How to Knit Names

by Jessica Daniel

Knitting names is best worked on a background with charts. Some letters are very difficult to knit properly, so using the intarsia method of knitting works best. Pick a background color and a color for the letters. Decide on the size of the piece first, and check your gauge to determine the number of stitches per inch before beginning to graph the letters. Knit names flat, and put the piece in a frame as a great gift for a child's room.

Items you will need

  • Knitter's graph paper
  • Colored pencils
  • Yarn in at least two colors
  • Knitting needles
Step 1

Determine the width of the piece. Multiply the stitches per inch by the desired number of inches. This will give you the number of stitches to cast on and graph.

Step 2

Graph the letters on the graph paper. Each square represents one stitch. Use the colored pencils in the desired color to fill in the squares in the shape of the letters.

Step 3

Cast on the desired number of stitches. Add an edging to the piece before beginning the chart. Choose a seed stitch or other stitch pattern that will prevent curling of the edges while maintaining the desired width of the piece.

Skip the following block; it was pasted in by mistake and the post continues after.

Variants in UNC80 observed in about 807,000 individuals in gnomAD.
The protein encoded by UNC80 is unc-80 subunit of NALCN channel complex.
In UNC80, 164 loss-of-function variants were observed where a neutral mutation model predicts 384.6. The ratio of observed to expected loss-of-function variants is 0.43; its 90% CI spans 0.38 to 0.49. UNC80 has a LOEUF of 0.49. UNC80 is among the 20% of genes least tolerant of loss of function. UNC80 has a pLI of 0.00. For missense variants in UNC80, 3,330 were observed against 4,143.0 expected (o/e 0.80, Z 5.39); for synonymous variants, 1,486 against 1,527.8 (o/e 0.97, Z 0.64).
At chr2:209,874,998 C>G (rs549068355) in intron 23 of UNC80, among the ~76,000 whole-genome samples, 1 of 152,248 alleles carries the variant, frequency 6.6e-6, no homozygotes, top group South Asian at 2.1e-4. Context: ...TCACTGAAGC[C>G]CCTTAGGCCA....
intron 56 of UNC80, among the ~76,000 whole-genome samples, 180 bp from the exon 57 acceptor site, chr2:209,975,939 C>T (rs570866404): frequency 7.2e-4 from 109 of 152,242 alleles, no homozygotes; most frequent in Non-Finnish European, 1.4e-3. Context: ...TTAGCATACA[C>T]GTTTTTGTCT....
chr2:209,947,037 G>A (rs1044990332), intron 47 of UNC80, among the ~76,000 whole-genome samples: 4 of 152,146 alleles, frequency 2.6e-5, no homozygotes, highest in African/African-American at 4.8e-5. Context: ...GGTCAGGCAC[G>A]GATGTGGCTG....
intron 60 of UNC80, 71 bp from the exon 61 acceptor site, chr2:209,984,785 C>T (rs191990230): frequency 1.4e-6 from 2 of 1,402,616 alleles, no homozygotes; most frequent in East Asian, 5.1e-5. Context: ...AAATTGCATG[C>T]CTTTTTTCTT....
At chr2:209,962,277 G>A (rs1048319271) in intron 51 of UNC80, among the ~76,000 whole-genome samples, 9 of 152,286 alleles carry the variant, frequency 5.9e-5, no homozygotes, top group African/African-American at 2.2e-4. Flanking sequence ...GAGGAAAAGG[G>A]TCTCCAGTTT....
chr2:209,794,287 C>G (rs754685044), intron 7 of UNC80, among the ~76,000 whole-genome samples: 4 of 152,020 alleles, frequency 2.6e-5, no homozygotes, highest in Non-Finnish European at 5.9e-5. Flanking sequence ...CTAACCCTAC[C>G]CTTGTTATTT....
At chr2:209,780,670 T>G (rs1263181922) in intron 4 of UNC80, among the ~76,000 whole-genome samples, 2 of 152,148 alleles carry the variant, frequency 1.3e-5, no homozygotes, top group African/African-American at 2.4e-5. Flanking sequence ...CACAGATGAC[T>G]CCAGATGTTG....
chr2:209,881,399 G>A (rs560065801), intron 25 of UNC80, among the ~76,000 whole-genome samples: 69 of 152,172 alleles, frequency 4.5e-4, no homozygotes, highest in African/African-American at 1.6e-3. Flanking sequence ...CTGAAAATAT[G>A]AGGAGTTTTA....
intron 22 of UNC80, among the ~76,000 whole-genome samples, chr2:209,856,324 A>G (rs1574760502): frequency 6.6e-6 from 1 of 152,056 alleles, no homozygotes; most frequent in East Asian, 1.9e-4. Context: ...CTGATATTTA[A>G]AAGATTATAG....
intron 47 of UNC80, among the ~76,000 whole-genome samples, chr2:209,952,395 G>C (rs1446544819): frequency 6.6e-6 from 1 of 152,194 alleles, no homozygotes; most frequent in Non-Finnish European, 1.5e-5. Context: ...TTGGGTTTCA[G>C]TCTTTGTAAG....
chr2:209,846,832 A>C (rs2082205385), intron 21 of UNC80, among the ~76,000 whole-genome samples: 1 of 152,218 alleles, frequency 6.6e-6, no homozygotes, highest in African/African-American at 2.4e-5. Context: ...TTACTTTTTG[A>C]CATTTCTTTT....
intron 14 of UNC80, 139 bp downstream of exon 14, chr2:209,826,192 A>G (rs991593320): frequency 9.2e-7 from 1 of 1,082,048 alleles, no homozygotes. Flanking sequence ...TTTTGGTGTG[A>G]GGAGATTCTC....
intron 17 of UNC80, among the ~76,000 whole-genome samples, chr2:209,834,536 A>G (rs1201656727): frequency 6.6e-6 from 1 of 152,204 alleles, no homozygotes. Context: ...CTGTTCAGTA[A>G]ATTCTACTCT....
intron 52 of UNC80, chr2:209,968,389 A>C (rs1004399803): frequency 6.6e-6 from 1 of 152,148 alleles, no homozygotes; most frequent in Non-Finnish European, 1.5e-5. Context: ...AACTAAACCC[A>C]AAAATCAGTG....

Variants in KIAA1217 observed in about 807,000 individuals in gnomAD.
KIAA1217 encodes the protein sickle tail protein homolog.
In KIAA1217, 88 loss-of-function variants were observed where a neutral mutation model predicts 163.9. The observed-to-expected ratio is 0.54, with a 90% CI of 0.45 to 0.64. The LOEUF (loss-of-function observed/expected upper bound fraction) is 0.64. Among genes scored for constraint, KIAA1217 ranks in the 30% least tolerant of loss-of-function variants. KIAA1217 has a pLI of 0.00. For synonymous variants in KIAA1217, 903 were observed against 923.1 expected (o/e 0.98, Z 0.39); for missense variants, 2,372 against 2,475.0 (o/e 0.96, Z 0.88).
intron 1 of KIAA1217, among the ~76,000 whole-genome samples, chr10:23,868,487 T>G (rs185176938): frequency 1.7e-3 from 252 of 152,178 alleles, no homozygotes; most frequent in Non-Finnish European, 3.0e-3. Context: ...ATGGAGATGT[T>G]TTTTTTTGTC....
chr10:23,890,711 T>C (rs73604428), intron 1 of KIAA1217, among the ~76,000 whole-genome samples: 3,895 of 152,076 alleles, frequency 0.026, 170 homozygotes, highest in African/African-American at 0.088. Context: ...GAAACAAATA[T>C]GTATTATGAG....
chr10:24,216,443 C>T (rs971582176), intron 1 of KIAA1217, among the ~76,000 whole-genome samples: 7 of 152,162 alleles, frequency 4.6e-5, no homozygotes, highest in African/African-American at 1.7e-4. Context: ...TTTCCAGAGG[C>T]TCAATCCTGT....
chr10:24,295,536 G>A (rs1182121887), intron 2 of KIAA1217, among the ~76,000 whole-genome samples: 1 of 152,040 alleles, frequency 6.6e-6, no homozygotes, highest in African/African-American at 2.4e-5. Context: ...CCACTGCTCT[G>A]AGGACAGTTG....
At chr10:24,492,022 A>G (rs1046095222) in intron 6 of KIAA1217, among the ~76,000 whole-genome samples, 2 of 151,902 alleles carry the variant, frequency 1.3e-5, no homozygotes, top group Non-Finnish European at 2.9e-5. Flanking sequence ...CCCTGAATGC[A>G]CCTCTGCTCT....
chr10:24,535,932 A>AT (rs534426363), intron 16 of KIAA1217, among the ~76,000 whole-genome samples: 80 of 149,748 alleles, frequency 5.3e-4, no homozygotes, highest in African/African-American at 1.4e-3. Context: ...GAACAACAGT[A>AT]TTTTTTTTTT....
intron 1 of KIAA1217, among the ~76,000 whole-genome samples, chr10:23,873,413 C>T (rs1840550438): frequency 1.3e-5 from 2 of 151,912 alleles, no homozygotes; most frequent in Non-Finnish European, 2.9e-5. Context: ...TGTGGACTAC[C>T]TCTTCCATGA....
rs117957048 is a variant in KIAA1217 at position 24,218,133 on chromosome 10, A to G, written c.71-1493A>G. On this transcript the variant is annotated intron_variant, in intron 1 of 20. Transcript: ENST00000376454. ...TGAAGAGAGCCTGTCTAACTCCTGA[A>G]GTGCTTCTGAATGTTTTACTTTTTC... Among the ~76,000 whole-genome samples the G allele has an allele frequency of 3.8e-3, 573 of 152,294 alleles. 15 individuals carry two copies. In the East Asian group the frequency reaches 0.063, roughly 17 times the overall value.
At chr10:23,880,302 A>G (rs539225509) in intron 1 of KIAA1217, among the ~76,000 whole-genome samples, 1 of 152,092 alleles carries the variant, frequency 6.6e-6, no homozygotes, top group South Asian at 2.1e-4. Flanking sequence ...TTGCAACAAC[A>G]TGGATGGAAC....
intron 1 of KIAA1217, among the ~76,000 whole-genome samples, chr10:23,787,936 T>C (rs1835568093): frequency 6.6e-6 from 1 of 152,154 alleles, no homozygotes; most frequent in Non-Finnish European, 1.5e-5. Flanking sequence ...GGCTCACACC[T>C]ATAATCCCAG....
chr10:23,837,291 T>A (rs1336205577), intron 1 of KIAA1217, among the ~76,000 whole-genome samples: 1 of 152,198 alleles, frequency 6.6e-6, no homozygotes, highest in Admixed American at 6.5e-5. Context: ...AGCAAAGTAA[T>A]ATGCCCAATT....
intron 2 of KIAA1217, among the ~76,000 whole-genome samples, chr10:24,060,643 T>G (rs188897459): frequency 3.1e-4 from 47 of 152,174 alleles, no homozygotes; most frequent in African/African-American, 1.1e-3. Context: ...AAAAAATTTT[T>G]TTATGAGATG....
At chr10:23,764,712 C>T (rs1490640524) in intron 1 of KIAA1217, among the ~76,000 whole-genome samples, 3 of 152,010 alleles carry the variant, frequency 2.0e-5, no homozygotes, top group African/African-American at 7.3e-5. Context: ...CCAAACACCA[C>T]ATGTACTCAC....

Step 4

Work from the graph. On the right-side rows, read the chart from right to left. On the wrong-side rows, the chart read the chart from left to right.

Step 5

Switch colors as necessary to knit the letters. Use the intarsia technique to switch colors by twisting the yarns together at the back of the work. Drop the first color and knit across the stitches necessary in the second color. Add in another ball of yarn in the background color when necessary by twisting the yarns at the back of the work and dropping the letter color. Knit with the main color. Colors are carried up the work, but new balls are added across the row to maintain the proper gauge.

Step 6

Work until the chart is completed. Add a top edging to the piece in the same stitch pattern as the bottom edging. Bind off all stitches and weave in the ends.


  • "Stitch 'N Bitch Nation"; Debbie Stoller; 2004
  • "Knitting Workshop"; Elizabeth Zimmermann; 1981

About the Author

Jessica Daniel has been writing professionally since 2005. She has worked in the arts-and-crafts field, publishing knitting patterns with Lorna's Laces and My Sister's Knits. Daniel holds a Bachelor of Arts in English and women's studies from St. Xavier University.